April 29, 2010
Pulitzer Prize-winning journalist Connie Schultz told her audience that it’s important to remember that Jana Mackey didn’t die.
She didn’t pass away.
She was murdered.
Schultz, a nationally syndicated columnist at the Cleveland Plain Dealer spoke at the Dole Institute Wednesday night as part of the Jana Mackey Distinguished Lecture Series. Mackey was a former KU law student and a prominent women's rights activist who was killed by her ex-boyfriend in July 2008. During the lecture, Schultz empathized with Mackey and her cause.
"Jana was a feminist from the Midwest. I know how that feels," she said.
Schultz alternated between funny stories and serious issues, keeping the rapt attention of the hundred or so people in attendance.
"Connie's speech was awesome," said Curt Brungard, Mackey's father. "She brings up the serious issue of equality and other issues that women still face in our society."
As Schultz went on to tell stories that she heard from Mackey's parents, she summed up Jana with one sentence: "Don't tell me I can't because then I will."
During the speech, she called the young women of the University to action several times. It seemed that they heard her message loud and clear.
"I thought it was really great because she was so passionate and so articulate," said Kathryn Hoven, a freshman from Chester, N.J. "It showed that you can be assertive and still be respectful."
Q: As a senator's wife, you've had to deal with a lot of gender issues in politics. Do you feel like those political stereotypes are propagated more by the world of politics or the world of the media?
A: By the media and the public. I mean, you have political consultants. You have to let them know early and often that you aren't going to feed the stereotypes. But that really flows from the candidate. If the candidate makes it clear that he doesn't want his campaign to stereotype his spouse, it's going to be more effective. I will say, I can't help but judge an elected official, or any man for that matter, by how he treats his wife. If they are dismissive of them or treat them as invisible, then that affects my opinion of them. But to be honest, I don't see a lot of that on the Hill. I love Sherrod, I'm married to Sherrod. I'm not a Senate wife. I've never given myself that title.
Q: Would you say that there is a community of so-called "Senate wives?" Are you close with any other wives of congressmen?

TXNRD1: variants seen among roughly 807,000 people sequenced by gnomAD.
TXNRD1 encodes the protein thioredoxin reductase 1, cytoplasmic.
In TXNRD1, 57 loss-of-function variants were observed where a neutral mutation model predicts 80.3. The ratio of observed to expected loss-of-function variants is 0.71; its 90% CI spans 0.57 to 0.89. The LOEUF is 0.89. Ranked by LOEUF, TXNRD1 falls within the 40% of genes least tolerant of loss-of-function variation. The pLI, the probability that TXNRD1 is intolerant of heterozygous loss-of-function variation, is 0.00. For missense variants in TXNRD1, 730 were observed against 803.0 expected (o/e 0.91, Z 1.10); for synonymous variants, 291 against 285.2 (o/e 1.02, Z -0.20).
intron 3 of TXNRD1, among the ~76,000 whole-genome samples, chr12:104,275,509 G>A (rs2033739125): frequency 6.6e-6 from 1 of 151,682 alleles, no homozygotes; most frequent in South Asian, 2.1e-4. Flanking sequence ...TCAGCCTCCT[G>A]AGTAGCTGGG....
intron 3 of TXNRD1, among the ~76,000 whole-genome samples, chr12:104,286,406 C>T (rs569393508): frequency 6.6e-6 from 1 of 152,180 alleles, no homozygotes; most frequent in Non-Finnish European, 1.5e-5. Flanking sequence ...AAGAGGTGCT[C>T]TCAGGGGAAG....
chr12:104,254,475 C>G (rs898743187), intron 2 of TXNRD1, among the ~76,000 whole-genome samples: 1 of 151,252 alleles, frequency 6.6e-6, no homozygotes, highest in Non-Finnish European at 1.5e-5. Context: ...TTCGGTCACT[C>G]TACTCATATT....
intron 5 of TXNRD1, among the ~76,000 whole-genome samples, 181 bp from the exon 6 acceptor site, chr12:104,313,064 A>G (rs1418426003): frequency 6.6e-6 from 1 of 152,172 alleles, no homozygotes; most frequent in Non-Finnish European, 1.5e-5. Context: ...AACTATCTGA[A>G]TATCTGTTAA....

A: Not many. When I'm in Washington, I tend to be hanging out with other journalists except for when I'm seeing my husband. And I'm not there every week. He comes home every weekend. When I'm in Washington, I have a pretty busy schedule. I'm usually either there to give a talk or to go to some event with Sherrod that they want spouses to be at that's really important, like the Supreme Court dinner, that kind of thing. But there aren't a lot of those. And I don't do the spouse events, which I'm sure is frustrating for some people. I might do the one for Michelle Obama this year. I just don't tend to do that. Part of it is my comfort level as a journalist, and I also just don't identify myself through my marriage.
Q: You have a reputation as a very well-respected advocacy journalist, someone who sticks up for the underdog. Would you say that those values have interacted with your husband and his policies in any way?
A: Well in any healthy marriage, you're going to be affecting each other's opinions in some way. But the reason I fell in love with Sherrod was probably because he's been fighting for the people that I come from his entire career. The people I advocate for, in large part, are the people that I come from. I'm the first in my family to go to college. I'm a working class kid, so the hourly wage-earner issue is huge for me. The union issue looms large also. I'm a feminist, so that issue is big for me. Sherrod and I agree on most things. That said, he never sees a column before I turn it in. We never talk about it until it's been turned in and edited. That's to protect both of us. He's never ever asked me not to write about something.
Q: One unique thing about your columns is that you tend not to use euphemisms or dodge the issue. Why is that?
A: I'm pretty direct, mainly because I feel like we don't talk in euphemisms. I want my columns to read conversationally. I read every column out loud before I turn it in because I want it to sound the way I talk. I want people to feel like they're having a conversation with me. I'm trying to start the conversation, I'm not trying to lecture. I try to close the distance between me and the reader.
Q: How do you maintain an opinion and a stance about something without becoming one of the "extremists" or the talking heads on 24-hour news networks?
A: Well, there will be some who call me that. You can't control how people see you. All you can control is your response. When you start worrying too much about what people think about you, you start changing how you express yourself. And, before you know it, you are no longer authentically you. If you stand for anything, you're going to make enemies. The alternative is to have everyone like you and to stand for nothing. I don't have any interest in that. And, certainly, as a columnist, that's not my job.
More about Connie Schultz
Connie Schultz, a nationally syndicated columnist, writes eloquently on issues related to women's rights, equality, and social justice.
Schultz, a bi-weekly columnist for the Cleveland Plain Dealer and Creators Syndicate, won the Pulitzer Prize for commentary in 2005. Her other awards include the Scripps-Howard National Journalism Award, the National Headliners Award, the James Batten Medal, and the Robert F. Kennedy Award for social-justice reporting. She is contributor to the online political blog, The Huffington Post. She is also the author of two books, ...And His Lovely Wife: A Memoir from the Woman and 'Life Happens...And Other Unavoidable Truths.